September 22, 2017
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Posted May 12, 2017
In its ongoing efforts to meet the demands of today’s digital customer, the banking industry continues to create and enable new mobile apps. However, banks and their developers quickly realized that the traditional tensions present in all online banking interactions — security vs. customer friction — are alive and well in the mobile realm.
New mobile banking apps must provide an intuitive, quick and frictionless banking experience while also protecting the customers and the banks from the always-present fraudsters and their schemes. Failure to do so will relegate the app to DOA status.
Obviously, mobile banking apps have evolved tremendously in recent years. The first mobile banking apps had limited functionality, partially because the technology hadn’t evolved, but also because nobody really had a clear read on the risks associated with mobile. The pioneering app teams that developed the first generation of mobile bank apps recognized immediately that you couldn’t just extend a customer’s threat profile from the desktop to mobile.
Equally eye opening was the fact that customers needed more than an online bank statement…merely being able to check your account balances wasn’t enough. The new digital banking consumer, who grew up immersed in technology, wanted to do as much of their banking business online as possible. As digital natives, they were not afraid to conduct banking via a mobile device. In fact, this behavior seemed perfectly normal, given that they could do just about everything else on their mobile devices.
Accordingly, the adoption of these apps was explosive. Today, some banks tout online mobile traffic at more than 80 percent of their overall traffic. However, this has led to constant demand by high-use customers for banking apps that are feature rich and deliver everything their desktop counterparts offer.
Since adoption isn’t slowing, it is no surprise that banks need to respond to the demand for increased functionality. The capabilities of future banking apps will go beyond extending the desktop experience to a mobile-centric framework. They will take advantage of the unique opportunities of mobility — mainly around push notification, but also around payment innovations. In the not-too-distant future, mobile customers will be able to draw money from an ATM without a bankcard. Mobile customers use the app to generate a one-time password that is entered into the ATM. Basically, the app is going to replace the bankcard.
While mobile apps have changed — and will continue to change — how consumers interact with banks, the mobile channel has also been a game changer when it comes to security. Mobile provides vast amounts of information that can be valuable from a security and fraud point of view. Specialized solutions can equip the bank with a wealth of information to uniquely identify a user. And, with the ongoing threat of cybercrime, banks need to ensure that the individual is really who they say they are, but in a behind-the-scenes way that is totally unobtrusive and invisible to the consumer.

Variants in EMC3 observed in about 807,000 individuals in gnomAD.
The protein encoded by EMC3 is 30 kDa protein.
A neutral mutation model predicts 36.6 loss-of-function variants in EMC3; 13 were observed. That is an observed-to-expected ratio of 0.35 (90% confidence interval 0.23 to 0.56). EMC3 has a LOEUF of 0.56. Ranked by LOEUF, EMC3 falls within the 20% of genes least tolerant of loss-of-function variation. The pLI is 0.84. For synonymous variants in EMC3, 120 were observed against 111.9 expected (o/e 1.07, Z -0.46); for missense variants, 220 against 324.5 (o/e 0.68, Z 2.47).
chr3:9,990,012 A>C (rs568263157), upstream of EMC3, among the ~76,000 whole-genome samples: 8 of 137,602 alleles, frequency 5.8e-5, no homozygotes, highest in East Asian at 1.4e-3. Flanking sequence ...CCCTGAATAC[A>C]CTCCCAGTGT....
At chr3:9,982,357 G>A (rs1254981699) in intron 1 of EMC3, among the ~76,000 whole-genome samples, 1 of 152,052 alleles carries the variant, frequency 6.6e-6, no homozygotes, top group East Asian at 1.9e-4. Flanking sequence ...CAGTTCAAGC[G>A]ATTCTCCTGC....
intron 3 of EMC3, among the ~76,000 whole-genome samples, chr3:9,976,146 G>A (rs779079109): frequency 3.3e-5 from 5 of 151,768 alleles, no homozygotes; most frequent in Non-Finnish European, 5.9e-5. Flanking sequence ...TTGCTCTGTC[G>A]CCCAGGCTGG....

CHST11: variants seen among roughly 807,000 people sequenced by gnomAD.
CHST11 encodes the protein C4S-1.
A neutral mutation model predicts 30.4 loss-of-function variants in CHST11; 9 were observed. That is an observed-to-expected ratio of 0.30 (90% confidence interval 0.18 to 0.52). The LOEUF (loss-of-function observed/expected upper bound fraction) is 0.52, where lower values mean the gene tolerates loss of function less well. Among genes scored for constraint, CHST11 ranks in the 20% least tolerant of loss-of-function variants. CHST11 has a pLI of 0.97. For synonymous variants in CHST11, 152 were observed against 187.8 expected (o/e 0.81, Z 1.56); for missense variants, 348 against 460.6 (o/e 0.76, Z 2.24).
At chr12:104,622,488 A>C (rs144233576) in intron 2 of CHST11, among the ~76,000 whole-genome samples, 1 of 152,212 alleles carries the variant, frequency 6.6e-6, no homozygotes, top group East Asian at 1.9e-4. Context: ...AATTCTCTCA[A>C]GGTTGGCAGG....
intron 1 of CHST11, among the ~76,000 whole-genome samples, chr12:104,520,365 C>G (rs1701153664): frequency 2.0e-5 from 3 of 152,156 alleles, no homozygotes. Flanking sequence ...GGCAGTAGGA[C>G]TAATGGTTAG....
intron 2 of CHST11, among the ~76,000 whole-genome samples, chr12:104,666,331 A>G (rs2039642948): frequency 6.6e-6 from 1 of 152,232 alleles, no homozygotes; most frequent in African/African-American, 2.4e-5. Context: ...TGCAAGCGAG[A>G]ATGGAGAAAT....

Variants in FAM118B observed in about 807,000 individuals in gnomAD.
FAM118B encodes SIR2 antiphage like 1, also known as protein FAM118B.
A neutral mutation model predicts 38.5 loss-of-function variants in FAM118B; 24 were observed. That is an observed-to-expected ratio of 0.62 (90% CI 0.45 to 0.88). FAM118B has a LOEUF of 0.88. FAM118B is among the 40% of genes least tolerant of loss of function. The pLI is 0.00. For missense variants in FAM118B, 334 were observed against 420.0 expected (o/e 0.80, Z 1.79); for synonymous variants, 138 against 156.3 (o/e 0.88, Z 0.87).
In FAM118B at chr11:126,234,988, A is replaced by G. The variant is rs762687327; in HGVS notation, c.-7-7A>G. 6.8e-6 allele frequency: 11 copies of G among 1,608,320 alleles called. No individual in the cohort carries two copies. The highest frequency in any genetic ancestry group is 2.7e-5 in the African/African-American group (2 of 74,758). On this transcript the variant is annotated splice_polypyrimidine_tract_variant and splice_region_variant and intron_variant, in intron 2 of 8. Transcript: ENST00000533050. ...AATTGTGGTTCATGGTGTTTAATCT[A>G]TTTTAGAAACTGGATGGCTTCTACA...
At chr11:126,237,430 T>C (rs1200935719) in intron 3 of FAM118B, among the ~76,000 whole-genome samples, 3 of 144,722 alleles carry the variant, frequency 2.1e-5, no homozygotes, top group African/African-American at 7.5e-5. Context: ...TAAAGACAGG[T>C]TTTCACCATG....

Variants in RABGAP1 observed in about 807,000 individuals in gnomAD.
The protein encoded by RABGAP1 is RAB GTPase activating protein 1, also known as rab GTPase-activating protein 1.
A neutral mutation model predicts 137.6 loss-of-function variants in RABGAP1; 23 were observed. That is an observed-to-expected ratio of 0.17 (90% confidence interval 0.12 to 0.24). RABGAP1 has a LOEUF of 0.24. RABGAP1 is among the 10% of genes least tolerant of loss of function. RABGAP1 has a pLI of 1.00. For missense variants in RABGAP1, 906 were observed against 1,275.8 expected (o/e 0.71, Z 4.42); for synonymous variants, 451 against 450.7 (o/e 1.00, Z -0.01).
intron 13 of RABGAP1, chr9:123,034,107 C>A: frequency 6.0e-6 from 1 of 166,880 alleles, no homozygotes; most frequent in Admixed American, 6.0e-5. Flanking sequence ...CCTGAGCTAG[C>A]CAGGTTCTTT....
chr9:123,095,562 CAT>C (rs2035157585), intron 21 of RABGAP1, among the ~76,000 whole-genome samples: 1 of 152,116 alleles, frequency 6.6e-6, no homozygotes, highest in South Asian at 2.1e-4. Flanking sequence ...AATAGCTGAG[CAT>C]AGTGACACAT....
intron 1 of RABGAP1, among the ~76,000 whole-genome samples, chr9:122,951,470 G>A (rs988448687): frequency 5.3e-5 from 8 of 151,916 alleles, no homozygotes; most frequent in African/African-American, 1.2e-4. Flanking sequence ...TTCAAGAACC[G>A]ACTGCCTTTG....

Therefore, as mobile transactions continue their upward trajectory, businesses must prioritize a robust mobile security strategy that can verify the trustworthiness and integrity of every mobile app transaction. Part of this strategy must include a solution that detects instances where the app has been compromised, the device or transaction has been tampered with, or the user is testing a stolen identity.
Unfortunately, in many cases, that tension between user experience and robust security still imposes itself, precluding a smooth user experience. Despite the omnipresent threats, today’s mobile users want to transact with speed and have zero tolerance for the friction presented by the traditional security measures deployed for desktop users, such as two-factor authentication using tokens or passcodes. Imagine the consternation of mobile users asked to leave an app experience to authenticate their identity. That doesn’t make for a pleasant mobile experience!
In truth, mobile banking apps are more than just easy access to banking functionalities. They have become, and will continue to be, enablers of new forms of banking and commerce that can have a transformative impact on the banking industry moving forward. Banks and businesses must adapt accordingly to keep the digital banking customer a happy and safe one.
It will be interesting to see how the functionality of these mobile apps continues to develop. What do you think these apps will be able to do in the future?